Like I think where I was having a conversation with a guy who was from Sweden. I think I was flying either to South Africa or back to South Africa. Anyway, and he was saying that he did infrastructure and he was saying, “Yeah, in America people are really sensitive about race.” He’s like, “Do you like the context of just different? I’m working on the boats with people from India and people from China, what have you.” And listening to him, I’m like, “Yeah, I’m uncomfortable” but I was also aware of my americaness in that context and I’m curious if that is a norm in other places. I’m not saying that’s what happened here. It’s just an interesting scenario to me something like thinking in the contemporary moment. Like, I wonder would this be of the norm in the German classroom or a French classroom. I don’t have answers but I’m curious.
Joe Patrice: Yeah, so Georgetown again.
Kathryn Rubino: I just think don’t refer to people by their physical characteristics.
Joe Patrice: Yeah, that seems like a good –.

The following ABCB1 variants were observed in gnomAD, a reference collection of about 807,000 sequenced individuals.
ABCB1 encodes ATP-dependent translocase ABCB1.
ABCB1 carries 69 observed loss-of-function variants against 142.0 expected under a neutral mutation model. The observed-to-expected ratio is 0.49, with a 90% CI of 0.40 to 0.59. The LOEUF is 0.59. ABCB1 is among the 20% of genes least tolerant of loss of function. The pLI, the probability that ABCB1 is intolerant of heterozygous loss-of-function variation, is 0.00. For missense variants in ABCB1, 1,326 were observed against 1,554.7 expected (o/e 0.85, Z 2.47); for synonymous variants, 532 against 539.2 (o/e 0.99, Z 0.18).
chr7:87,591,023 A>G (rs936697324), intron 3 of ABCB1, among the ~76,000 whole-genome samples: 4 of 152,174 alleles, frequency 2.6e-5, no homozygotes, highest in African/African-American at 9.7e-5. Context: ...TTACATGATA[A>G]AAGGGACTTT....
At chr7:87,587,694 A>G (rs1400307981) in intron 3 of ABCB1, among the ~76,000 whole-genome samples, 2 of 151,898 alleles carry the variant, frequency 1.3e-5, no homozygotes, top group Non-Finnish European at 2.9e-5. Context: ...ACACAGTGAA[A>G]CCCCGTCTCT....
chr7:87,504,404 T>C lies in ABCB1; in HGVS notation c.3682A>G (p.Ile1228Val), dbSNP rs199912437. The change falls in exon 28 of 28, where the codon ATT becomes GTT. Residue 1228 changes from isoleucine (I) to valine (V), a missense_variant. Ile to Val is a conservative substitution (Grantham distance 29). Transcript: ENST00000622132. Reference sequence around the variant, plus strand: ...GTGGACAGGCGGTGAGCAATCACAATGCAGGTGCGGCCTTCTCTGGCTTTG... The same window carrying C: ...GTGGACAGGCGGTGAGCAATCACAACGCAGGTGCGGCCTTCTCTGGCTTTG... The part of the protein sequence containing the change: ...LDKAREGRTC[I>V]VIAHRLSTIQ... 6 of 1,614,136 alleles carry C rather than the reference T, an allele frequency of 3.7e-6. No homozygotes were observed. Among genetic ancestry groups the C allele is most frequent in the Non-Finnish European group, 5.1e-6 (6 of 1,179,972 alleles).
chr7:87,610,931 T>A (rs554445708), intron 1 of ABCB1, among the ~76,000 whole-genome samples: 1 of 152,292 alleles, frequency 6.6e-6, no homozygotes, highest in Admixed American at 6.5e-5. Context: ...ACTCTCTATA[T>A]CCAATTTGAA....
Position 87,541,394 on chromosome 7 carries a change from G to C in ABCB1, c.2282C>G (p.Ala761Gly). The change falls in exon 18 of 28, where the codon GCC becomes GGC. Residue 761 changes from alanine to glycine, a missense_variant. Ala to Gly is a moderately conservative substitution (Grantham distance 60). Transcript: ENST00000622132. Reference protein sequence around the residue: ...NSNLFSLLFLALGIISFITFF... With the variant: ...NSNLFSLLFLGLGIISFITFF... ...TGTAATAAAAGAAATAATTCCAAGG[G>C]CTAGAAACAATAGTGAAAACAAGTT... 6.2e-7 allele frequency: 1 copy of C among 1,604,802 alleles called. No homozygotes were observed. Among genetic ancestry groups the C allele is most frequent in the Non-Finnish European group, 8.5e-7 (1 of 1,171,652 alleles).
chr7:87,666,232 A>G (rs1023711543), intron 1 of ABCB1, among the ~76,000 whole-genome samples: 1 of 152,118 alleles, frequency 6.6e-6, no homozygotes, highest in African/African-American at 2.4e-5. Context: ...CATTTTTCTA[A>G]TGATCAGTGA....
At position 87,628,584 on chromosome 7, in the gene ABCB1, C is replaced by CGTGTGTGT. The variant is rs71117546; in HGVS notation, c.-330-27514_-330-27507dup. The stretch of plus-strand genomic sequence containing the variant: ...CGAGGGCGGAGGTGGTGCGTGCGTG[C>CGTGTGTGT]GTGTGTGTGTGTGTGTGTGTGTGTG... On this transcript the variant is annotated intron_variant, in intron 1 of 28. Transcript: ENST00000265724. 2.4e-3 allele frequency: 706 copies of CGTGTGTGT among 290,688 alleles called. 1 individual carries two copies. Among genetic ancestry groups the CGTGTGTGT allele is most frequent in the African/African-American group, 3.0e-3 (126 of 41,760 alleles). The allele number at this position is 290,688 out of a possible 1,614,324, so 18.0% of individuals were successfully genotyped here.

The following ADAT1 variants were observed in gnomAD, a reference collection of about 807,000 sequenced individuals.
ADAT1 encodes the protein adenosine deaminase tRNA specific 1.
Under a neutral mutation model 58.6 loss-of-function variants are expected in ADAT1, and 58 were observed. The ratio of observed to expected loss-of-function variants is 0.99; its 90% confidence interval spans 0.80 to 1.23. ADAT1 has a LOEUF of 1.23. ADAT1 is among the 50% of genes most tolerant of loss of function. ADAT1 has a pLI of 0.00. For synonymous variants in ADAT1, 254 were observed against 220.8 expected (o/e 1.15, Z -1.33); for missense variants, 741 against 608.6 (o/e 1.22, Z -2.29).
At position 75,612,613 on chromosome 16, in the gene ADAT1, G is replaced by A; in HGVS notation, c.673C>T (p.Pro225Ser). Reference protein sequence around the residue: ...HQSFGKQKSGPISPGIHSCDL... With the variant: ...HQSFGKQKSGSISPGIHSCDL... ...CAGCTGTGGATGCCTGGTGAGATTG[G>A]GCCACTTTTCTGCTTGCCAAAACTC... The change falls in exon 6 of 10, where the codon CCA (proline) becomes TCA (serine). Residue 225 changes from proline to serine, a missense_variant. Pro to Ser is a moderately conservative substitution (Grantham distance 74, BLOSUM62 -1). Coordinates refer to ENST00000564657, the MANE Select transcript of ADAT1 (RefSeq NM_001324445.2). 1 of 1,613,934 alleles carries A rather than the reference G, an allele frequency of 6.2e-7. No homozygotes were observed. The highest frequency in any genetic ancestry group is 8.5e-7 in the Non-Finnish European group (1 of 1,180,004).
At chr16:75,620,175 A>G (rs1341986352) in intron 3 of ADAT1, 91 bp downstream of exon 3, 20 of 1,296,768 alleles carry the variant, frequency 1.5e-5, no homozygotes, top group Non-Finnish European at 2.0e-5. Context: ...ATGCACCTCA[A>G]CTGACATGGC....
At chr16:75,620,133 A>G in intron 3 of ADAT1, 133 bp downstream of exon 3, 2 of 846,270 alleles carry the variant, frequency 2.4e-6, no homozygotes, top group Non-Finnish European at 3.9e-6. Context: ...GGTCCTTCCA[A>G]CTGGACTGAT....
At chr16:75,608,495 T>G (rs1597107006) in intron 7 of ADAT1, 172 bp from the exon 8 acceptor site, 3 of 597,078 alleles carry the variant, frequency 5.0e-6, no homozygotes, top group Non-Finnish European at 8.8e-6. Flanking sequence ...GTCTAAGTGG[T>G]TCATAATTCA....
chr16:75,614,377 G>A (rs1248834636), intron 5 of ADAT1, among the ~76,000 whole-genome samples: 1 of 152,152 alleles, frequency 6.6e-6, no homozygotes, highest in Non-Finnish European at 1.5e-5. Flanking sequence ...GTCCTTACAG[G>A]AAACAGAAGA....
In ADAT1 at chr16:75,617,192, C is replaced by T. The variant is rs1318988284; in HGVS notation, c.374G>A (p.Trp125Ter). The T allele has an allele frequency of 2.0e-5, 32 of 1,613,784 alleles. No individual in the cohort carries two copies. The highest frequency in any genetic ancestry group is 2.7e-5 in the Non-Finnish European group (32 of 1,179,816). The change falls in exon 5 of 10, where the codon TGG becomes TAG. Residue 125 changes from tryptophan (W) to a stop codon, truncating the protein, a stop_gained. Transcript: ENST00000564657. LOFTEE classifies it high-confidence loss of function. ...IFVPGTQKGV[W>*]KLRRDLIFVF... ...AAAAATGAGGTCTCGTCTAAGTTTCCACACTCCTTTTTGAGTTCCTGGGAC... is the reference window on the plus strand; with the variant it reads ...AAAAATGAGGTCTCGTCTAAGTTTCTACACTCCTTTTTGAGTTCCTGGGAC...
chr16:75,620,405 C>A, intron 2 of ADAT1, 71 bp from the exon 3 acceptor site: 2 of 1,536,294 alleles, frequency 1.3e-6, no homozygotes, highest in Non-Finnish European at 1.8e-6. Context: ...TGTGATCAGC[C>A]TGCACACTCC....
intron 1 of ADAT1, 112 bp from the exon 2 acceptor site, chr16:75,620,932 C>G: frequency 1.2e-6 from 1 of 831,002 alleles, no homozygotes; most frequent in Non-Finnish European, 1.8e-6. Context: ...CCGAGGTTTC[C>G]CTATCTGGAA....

Chris Williams: I mean yeah, don’t do it. Like I’m not defending him. I’m just wondering because I watched the video and it was so weird. My response was why did he think this was okay? Like what about this when it let left his mouth? He was like, “Oh this is normal way to refer to someone.” And since I didn’t get, not that I’m the arbiter, but it didn’t feel malicious so I’m just curious like what possessed you to think this is okay? It’s like when a kid says, not to call his professor a kid. Even at Georgetown is very nice CVs and everything but when a kid uses the word incorrectly like a curse word, they’re like, “Where did you hear that from. What did you think that was okay? You can’t refer to your classmate as a fuck nugget like you can’t do these thingss.”